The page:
Qantas vows to protect market share

Qantas vows to protect market share
By admin


Qantas has again vowed to maintain its domestic market share after injecting more capacity into core east coast routes and stepping up services to Perth.

Chief executive Alan Joyce said its well documented 65% market share was “profit maximising”.

“Our goal in the domestic market remains simple and consistent. We intend to retain the market share that enables us to maximise profit,” Joyce said.

But the rationale behind the additional capacity was questioned by Virgin Australia chief executive John Borghetti. Quoted in today’s Australian Financial Review, the one-time Qantas senior executive said: “I don’t know of any business that says 'I’ve got to have that market share' to the point and justify it for decades or a decade.”

Virgin was more concerned about yield and profit rather than share, he said.

The full extent of the capacity increases were not revealed by Qantas but additional services during peak times on core east coast routes between Sydney, Melbourne and Brisbane will form part of the expansion.

The carrier said it will also reintroduce Boeing 747 services between Sydney and Perth and add A330 flights from Melbourne to Western Australia.

It will provide passengers with an “international flying experience”, Joyce said, and give more consumers access to its Skybed business class product.

Jetstar will also increase services on key leisure routes while QantasLink will grow capacity across Queensland with the introduction of F100 jet service between Brisbane and Emerald.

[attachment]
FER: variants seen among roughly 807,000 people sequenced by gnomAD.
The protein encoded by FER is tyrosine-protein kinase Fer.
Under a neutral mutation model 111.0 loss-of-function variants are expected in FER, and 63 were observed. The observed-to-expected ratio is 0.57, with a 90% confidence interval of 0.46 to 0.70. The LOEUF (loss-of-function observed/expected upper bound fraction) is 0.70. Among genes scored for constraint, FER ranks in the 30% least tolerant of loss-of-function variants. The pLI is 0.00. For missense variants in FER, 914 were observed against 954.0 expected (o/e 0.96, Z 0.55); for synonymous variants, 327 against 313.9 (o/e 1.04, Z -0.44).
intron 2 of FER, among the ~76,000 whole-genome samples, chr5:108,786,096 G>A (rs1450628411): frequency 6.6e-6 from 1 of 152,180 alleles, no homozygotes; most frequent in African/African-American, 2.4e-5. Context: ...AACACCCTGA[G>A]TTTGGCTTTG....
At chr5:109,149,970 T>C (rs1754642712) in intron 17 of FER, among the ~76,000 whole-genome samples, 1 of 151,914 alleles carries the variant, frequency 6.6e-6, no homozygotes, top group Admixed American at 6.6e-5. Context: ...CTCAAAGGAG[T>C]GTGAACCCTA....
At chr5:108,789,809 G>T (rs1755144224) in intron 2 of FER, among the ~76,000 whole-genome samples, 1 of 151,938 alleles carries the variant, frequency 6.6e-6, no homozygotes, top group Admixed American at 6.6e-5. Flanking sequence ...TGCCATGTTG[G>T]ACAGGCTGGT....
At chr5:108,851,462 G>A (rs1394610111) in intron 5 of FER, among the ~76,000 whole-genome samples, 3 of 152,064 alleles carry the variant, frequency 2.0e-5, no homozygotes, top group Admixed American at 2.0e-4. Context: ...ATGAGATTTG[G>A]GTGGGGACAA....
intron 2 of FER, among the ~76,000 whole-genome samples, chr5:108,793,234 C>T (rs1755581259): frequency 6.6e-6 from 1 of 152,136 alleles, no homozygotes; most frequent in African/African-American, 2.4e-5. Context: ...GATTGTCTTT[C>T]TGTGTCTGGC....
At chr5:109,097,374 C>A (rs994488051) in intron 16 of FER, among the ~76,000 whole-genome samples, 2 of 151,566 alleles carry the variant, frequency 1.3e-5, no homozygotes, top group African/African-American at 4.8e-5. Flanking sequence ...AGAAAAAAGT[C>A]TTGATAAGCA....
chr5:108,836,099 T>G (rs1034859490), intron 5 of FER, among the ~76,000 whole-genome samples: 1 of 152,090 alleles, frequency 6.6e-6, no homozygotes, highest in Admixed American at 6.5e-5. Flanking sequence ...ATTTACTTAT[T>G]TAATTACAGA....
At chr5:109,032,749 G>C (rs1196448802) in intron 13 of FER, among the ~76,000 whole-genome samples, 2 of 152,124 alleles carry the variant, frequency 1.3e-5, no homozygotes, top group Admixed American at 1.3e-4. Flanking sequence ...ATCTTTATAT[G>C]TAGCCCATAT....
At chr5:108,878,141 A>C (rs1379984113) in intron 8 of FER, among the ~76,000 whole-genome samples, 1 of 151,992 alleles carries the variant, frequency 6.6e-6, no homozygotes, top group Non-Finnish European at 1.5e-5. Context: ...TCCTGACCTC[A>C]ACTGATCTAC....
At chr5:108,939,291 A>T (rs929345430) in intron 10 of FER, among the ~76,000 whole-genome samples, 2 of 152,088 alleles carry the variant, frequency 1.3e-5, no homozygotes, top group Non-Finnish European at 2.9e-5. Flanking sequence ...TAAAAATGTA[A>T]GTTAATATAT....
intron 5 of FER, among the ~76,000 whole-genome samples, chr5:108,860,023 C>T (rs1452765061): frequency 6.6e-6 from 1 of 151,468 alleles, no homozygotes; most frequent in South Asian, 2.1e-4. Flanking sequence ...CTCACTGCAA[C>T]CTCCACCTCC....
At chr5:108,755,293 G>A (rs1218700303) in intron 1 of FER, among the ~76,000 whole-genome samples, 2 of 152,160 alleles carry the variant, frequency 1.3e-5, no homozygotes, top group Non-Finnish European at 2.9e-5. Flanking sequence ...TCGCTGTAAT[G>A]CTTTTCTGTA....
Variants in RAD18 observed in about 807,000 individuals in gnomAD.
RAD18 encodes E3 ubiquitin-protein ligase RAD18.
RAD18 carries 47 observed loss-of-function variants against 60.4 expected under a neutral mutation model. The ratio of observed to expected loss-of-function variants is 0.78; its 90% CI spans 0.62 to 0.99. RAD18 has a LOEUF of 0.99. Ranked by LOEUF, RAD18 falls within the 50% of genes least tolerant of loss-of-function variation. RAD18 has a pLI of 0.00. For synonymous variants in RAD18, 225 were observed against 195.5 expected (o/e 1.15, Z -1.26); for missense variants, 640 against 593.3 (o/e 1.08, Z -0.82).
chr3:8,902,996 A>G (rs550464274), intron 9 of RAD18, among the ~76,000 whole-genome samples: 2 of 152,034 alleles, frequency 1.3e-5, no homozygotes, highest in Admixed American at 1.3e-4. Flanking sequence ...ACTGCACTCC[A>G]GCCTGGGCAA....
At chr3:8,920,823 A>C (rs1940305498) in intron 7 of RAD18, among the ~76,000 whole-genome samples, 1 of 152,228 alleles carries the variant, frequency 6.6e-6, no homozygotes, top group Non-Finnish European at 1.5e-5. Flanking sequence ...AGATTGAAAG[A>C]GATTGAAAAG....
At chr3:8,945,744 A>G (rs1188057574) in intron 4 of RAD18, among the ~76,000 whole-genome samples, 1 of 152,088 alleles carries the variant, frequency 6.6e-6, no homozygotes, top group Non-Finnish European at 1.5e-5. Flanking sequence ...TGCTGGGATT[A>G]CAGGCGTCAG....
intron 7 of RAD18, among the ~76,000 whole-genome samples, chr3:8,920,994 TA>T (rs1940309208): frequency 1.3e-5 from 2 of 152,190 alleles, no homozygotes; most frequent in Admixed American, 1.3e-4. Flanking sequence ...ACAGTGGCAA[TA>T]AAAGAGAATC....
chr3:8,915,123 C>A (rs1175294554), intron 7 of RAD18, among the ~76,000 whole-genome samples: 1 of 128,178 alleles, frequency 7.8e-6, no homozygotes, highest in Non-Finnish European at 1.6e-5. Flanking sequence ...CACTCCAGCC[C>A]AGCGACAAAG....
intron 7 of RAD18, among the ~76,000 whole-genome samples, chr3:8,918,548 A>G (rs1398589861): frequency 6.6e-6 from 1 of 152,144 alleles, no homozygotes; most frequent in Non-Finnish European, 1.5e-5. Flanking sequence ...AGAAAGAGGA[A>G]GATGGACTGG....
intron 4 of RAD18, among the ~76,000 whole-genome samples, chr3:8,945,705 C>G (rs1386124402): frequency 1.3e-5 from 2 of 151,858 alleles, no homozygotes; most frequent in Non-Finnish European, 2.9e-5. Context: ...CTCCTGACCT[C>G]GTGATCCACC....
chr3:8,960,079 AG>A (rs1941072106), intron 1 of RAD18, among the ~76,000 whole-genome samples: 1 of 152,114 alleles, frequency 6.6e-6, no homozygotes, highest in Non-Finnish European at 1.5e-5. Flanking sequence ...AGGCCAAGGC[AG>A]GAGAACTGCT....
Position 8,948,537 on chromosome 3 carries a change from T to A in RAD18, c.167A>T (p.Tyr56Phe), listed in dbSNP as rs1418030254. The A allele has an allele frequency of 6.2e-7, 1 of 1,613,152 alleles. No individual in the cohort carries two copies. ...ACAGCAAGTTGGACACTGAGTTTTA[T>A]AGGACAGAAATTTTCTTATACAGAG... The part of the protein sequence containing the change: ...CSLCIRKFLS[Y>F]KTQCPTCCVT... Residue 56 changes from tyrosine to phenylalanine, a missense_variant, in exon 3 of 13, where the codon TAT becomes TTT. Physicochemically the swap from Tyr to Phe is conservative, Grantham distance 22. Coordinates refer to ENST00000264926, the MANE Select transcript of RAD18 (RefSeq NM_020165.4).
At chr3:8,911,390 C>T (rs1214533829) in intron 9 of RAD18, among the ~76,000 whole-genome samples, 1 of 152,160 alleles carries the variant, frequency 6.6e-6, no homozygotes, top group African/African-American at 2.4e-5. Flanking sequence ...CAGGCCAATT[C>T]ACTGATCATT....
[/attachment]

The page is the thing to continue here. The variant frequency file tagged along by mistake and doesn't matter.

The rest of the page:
Further details about routes and timing will be announced in “due course”, Joyce said.

Meanwhile, Qantas will further slash spending and re-shuffle its fleet plan as part of a strategic bid to remain “competitive in all business areas”.

Capital expenditure will be cut by a further $400 million next financial year in addition to the $500 million announced in February.

It will see expenditure in 2012/13 reduced to $1.9 billion.

Joyce said the savings will comes from delaying the arrival of two Airbus A380s from 2013 to 2016/17. The airline’s final six A380s will be delivered from 2018/19.

He added that progress is continuing on its “international transformation initiatives” with benefits of $280m to $365 million likely to be realised between now and 2014 with new alliances, route changes and improved fleet economics behind the strategy.

Joyce touched on the challenge of rising fuel prices, noting that the group’s “balanced portfolio” made it “well-placed” to manage ongoing high fuel prices and the challenging global economy.

“We are acting decisively now to position ourselves for a strong, sustainable growth over the long term,” he said.

Email the Travel Weekly team at traveldesk@travelweekly.com.au

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